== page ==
Li An, "Modeling Human Decisions in Coupled Human and Natural Systems: Review of Agent-Based Models"(pdf,713KB),
Ecological Modelling, Vol. 229 (March), 2012, 35-30.
Christian J. E. Castle and Andrew T. Crooks, "Principles and Concepts of Agent-Based Modelling for Developing Geospatial Simulations"(pdf,1M),
UCL Working Paper Series, Paper 110, UCL Centre For Advanced Spatial Analysis, University College London, 2006.
J. Doyne Farmer, Cameron Hepburn, Penny Mealy, Alexander Teytelboym, "A Third Wave in the Economics of Climate Change"(pdf,853KB),
Environmental Resource Economics, Vol. 62, 2015, 329-357.
The authors argue that four key isses remain inadequately addressed by economic models of climate change, namely: (1) uncertainty; (2) aggregation, heterogeneity, and distributional implications; (3) technological change; and (4) realistic damage functions for the economic impact of the physical consequences of climate change. Following a survey of two-generations of climate-change models, the authors consider the potential of two more recent candidate approaches -- dynamic stochastic generation equilibrium (DSGE) modeling, and agent-based modeling (ABM).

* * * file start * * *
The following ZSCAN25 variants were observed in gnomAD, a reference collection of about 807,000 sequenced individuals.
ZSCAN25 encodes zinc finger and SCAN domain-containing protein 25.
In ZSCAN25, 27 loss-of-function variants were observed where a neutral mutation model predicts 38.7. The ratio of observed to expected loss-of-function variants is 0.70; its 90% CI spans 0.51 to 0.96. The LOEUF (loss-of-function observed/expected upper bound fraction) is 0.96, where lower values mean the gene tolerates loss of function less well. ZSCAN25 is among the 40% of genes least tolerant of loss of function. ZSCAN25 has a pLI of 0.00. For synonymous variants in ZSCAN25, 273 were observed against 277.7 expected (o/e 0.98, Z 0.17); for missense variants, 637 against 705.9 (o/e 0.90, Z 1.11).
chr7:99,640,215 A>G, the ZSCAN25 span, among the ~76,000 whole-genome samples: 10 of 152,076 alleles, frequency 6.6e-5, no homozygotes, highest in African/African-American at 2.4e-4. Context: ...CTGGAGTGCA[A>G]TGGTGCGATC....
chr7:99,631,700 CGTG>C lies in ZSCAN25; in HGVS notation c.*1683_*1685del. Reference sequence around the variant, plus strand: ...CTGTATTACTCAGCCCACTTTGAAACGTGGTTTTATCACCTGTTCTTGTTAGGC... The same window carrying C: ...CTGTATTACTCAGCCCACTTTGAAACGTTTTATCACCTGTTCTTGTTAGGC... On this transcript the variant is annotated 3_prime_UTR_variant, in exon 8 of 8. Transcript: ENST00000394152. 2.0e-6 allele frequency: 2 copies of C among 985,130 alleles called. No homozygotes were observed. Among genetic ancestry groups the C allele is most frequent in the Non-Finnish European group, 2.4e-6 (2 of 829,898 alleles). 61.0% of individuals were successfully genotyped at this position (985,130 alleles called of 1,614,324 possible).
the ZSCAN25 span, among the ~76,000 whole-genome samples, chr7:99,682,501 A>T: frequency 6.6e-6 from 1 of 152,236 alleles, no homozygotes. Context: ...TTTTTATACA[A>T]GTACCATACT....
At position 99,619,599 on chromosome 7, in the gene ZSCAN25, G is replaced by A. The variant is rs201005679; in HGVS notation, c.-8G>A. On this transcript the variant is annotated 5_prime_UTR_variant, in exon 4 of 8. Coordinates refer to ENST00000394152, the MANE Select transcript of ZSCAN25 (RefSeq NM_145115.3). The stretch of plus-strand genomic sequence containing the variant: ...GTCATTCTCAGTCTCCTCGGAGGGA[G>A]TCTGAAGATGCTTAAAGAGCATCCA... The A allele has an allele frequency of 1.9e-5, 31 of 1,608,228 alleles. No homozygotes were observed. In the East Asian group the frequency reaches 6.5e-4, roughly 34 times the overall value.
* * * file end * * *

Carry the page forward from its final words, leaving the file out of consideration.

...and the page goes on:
Tatiana Filatova, Peter H. Verburg, Dawn Cassandra Parker, and Carol Ann Stannard, "Spatial Agent-Based Models for Socio-Ecological Systems: Challenges and Prospects"(pdf,117KB),
Environmental Modelling and Software, Vol. 45, July 2013, 1-7.
Volker Grimm and Steven F. Railsback, Individual-Based Modeling and Ecology(Book Site),
Princeton University Press, Princeton, NJ, Spring 2005.